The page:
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Monday, August 2, 2010

Railroads Are Fun

I wouldn’t call myself a transit geek, but I love a good mass transportation system. London and Berlin’s public transit systems have always been my favorites, but my appreciation for the New York City Subway has grown since I started graduate school at NYU. I’ve spent a lot of time on the Metro this summer for my internship at the Human Studies Film Archives here in Suitland, Maryland and I often find myself missing the fast-paced, complicated, rat-infested rapid transit wonder that is the Subway. Most of the material I work with at the HSFA documents people and cultures outside of the United States, but Thayer Soule’s 1968 travelogue, Railroads Are Fun provides a look at rail travel across America, including the New York City Subway.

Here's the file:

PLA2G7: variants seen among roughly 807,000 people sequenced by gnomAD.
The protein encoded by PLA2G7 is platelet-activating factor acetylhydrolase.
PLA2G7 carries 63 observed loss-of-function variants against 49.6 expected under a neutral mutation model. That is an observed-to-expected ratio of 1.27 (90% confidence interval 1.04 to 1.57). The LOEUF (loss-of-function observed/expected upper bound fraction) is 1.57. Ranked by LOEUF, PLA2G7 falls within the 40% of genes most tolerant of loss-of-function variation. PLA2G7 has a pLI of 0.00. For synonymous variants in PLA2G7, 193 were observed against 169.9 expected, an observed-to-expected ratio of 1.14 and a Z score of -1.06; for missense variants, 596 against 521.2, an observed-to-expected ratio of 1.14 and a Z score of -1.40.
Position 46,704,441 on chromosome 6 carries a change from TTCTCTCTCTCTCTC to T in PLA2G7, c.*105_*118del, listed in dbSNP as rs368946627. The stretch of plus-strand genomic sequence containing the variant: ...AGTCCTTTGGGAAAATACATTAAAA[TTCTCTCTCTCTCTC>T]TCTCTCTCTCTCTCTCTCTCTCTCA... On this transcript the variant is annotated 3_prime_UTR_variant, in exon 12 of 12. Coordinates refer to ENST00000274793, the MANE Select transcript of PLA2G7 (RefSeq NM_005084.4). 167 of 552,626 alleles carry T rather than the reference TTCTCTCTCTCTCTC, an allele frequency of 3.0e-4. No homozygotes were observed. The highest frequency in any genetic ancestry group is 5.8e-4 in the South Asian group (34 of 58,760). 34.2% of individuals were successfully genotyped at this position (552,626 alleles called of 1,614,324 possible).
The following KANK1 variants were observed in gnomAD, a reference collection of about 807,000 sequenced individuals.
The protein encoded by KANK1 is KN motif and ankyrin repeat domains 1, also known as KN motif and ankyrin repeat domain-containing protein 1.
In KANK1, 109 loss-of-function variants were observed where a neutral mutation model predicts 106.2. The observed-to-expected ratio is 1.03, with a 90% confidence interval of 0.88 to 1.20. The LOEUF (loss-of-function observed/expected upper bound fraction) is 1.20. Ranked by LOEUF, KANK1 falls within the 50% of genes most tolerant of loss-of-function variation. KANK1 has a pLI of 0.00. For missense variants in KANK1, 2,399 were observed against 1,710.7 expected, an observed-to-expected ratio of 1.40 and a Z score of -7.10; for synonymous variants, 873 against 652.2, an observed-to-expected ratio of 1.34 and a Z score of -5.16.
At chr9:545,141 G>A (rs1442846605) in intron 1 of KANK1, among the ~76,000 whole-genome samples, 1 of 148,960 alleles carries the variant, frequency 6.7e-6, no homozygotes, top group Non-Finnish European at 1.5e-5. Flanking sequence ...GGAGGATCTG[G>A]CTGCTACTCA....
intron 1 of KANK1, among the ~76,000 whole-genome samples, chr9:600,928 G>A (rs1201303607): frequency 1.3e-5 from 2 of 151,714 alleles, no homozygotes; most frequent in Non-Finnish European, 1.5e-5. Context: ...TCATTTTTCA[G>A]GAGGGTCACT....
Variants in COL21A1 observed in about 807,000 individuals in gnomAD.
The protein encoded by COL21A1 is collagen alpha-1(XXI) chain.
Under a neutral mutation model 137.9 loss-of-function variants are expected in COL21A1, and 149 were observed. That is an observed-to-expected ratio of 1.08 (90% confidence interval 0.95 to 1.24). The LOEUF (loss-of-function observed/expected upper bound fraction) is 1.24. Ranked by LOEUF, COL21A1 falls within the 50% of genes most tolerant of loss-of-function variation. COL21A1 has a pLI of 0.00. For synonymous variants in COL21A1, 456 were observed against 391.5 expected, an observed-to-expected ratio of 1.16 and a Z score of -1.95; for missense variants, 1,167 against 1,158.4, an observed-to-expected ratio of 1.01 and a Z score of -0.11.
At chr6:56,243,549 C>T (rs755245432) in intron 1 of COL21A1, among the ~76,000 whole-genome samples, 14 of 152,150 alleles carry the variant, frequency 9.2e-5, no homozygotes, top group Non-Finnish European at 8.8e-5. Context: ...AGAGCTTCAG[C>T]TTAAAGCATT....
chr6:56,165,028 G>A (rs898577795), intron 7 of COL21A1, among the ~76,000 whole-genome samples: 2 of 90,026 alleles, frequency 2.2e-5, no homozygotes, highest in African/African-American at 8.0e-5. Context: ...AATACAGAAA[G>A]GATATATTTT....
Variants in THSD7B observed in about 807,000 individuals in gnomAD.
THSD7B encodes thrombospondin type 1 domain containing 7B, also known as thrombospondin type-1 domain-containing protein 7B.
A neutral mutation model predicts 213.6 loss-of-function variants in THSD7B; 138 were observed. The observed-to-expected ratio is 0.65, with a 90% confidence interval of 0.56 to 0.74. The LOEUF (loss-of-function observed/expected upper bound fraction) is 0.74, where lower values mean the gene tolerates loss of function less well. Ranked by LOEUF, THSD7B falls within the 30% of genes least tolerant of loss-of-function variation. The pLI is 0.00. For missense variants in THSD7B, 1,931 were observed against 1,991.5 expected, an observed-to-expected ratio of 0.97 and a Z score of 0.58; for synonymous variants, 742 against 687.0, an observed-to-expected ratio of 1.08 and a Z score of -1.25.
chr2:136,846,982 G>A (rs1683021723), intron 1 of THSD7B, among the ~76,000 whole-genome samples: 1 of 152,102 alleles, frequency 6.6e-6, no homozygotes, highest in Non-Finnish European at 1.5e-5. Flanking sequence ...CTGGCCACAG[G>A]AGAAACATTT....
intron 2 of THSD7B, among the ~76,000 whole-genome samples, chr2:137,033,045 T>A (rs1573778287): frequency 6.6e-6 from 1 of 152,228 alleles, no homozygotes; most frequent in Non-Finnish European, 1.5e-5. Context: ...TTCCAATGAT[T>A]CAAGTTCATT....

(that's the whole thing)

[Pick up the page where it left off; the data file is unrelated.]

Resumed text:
In this section of his film Soule combines contemporary scenes of the Times Square shuttle and Grand Central station with archival footage from the turn of the century converted from paper prints deposited for copyright at the Library of Congress before the creation of the Library’s motion picture archives. Together these scenes illustrate how much can change in a single subway station in less than seventy years: the types of passengers and their manner of dress, the platforms they wait on, and the trains themselves. Like the rest of the film, these were silent scenes that Soule would accompany with his own live lectures. These clips of a railcar crossing the Brooklyn Bridge into New York from 1899 and the interior of the Subway between 14th St. and Grand Central in 1905 have been digitized and made available for viewing on the Library of Congress’s website.

Though it wasn’t the most popular of the films he presented, Soule toured with Railroads Are Fun for thirty years and 213 shows. 

Samantha Oddi, Intern, Human Studies Film Archives

1 comment:

  1. I found the opening scene of the old NYC rail car mesmerizing. And those hats! Great piece.